Everything about the Nuggets is fun. From their youthful and tightly-knit locker room, which likes to hold their own Around The Horn style debates about current NBA hot-button issues, to their free-flowing style of play, Denver is the epitome of a good time while the rest of the league is stuck in a period of unrest. Kevin Durant? Pissed off with the media about his looming free agency. Anthony Davis? Upset that the Pelicans didn’t trade him at last month’s deadline. LeBron James? This can’t be how he saw his first year in Los Angeles going. The Nuggets? They’re running an equal-opportunity offense around their seven-foot unicorn who’s prone to stroll into a dribble-hand-off with frontcourt partner Mason Plumlee.
“We’re having a lot of fun,” said Barton. “We love playing with each other. We love passing the ball, moving the ball, seeing other people succeed. And obviously, everything’s good when you’re winning.”
A lot of teams say the right things, that they love to move the ball, that they look to get each other involved, that they don’t care who scores and who gets the credit for wins and losses. But with the Nuggets, you can actually buy what they’re selling. That mentality starts with Jokic, Denver’s franchise cornerstone who’s the center of everything they do. Jokic would rather tally an assist than score a basket.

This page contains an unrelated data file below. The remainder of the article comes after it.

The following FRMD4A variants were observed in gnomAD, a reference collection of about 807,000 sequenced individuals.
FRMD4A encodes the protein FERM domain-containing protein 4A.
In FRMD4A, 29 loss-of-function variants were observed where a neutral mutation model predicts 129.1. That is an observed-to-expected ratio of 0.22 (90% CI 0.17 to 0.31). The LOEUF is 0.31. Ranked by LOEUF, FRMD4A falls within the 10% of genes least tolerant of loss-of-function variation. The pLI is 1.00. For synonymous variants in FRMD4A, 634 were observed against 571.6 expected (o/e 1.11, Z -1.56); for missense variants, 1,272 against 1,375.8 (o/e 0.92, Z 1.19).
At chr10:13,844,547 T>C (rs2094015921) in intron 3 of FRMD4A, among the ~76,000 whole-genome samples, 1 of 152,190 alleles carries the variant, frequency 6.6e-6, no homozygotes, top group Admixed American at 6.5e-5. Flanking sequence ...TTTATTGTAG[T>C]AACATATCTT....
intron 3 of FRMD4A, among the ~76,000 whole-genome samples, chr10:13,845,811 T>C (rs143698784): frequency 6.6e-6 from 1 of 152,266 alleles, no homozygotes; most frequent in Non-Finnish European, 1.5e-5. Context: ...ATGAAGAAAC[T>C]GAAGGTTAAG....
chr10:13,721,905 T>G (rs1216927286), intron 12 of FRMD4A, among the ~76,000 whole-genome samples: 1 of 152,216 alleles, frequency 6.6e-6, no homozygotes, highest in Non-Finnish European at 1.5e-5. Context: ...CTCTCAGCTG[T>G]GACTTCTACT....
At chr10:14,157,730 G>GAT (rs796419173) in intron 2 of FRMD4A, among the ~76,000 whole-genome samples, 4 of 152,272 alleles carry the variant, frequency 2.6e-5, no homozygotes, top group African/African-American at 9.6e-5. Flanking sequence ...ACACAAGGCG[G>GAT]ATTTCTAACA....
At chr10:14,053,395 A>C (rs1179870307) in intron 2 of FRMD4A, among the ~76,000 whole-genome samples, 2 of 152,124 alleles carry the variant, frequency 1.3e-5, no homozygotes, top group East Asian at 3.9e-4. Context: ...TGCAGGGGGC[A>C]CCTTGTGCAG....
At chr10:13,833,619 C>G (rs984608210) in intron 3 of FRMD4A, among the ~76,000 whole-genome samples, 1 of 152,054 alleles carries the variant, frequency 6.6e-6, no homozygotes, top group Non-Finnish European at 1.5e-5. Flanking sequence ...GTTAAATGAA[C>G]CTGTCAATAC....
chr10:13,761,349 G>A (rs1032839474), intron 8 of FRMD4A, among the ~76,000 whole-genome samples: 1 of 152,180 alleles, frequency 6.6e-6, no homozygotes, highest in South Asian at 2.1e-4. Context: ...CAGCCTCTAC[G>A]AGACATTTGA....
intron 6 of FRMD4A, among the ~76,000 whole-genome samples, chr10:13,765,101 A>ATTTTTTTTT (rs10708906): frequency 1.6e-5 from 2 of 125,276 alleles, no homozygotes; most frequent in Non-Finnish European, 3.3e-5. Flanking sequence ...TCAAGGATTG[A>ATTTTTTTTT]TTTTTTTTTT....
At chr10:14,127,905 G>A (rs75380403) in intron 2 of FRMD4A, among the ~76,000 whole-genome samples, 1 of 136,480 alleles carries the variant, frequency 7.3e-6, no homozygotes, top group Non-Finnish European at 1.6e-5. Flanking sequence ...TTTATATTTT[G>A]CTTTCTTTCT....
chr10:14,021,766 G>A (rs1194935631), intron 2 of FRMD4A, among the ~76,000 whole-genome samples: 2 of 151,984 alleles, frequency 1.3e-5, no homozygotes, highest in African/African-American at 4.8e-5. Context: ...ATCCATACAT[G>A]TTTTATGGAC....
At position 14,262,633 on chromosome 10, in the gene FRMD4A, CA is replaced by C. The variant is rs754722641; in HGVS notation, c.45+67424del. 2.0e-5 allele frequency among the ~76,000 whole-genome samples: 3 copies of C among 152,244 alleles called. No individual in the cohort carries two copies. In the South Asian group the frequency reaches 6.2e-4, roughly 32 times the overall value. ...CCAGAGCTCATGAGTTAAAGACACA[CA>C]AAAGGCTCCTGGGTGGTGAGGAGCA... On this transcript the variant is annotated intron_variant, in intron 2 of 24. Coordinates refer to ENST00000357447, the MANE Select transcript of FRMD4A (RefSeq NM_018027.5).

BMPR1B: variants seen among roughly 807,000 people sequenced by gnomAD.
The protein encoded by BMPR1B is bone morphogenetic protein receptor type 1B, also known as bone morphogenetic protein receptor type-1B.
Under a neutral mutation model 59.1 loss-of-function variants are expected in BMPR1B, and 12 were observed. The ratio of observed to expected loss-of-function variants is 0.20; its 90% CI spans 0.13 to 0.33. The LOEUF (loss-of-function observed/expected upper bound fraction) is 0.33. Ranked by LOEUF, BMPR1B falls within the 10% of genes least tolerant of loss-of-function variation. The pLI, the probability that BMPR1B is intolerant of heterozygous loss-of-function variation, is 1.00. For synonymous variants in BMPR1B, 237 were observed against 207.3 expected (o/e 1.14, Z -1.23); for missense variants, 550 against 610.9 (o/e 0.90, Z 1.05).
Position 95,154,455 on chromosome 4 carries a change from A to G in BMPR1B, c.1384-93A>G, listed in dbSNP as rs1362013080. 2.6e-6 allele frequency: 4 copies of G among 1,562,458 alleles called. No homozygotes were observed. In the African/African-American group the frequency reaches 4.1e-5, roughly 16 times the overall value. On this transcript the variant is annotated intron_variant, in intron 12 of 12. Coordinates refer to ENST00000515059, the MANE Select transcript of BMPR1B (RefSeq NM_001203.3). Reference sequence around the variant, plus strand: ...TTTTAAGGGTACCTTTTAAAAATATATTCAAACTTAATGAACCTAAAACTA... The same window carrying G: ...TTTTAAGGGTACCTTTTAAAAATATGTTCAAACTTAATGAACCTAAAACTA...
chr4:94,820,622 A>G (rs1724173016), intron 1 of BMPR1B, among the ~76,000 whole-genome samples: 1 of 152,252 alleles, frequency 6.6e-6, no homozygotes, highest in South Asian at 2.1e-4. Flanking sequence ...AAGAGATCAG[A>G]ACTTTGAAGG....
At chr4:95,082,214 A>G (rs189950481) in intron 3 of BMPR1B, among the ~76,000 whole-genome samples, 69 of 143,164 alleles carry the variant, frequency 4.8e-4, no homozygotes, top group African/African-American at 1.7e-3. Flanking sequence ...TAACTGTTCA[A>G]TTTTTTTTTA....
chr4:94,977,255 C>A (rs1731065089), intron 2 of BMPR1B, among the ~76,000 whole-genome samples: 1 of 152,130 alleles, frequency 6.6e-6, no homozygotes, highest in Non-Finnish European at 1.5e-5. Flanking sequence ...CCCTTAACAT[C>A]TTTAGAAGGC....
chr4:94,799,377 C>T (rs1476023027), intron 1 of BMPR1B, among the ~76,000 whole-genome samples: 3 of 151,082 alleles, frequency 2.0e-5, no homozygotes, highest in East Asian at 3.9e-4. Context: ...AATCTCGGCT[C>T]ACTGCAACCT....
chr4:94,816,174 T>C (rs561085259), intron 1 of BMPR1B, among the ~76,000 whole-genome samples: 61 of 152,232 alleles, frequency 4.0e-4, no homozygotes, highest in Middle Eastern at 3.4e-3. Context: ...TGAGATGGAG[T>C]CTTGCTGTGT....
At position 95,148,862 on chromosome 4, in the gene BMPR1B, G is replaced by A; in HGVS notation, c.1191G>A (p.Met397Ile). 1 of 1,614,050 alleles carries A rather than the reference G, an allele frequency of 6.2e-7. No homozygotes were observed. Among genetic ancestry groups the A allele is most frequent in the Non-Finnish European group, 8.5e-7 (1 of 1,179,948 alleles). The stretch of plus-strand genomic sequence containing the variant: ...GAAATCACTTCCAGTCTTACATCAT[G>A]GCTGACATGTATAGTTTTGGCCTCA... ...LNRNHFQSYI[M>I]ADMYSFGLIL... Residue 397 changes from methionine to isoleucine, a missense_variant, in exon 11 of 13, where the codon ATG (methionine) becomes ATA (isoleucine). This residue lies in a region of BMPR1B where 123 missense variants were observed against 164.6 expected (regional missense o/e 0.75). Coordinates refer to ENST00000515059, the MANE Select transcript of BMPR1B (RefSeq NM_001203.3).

Behind their big man, everyone else falls in line. Harris and Millsap, two pillars of Denver’s starting lineup, have both missed chunks of the season with injuries, but asked Malone to bring them off the bench when they returned to the rotation earlier this season because Denver’s current starting group had been playing well together. The Nuggets’ rotation has been ravaged by injuries all season long, meaning Torrey Craig has already logged 37 starts, but behind-the-scenes he won’t fret when his minutes dwindle as Denver returns to full health following the All-Star break. Monte Morris was Isaiah Thomas’ biggest fan during the two-time All-Star’s rehab, even though his return could eventually cut into the back up point guard’s minutes.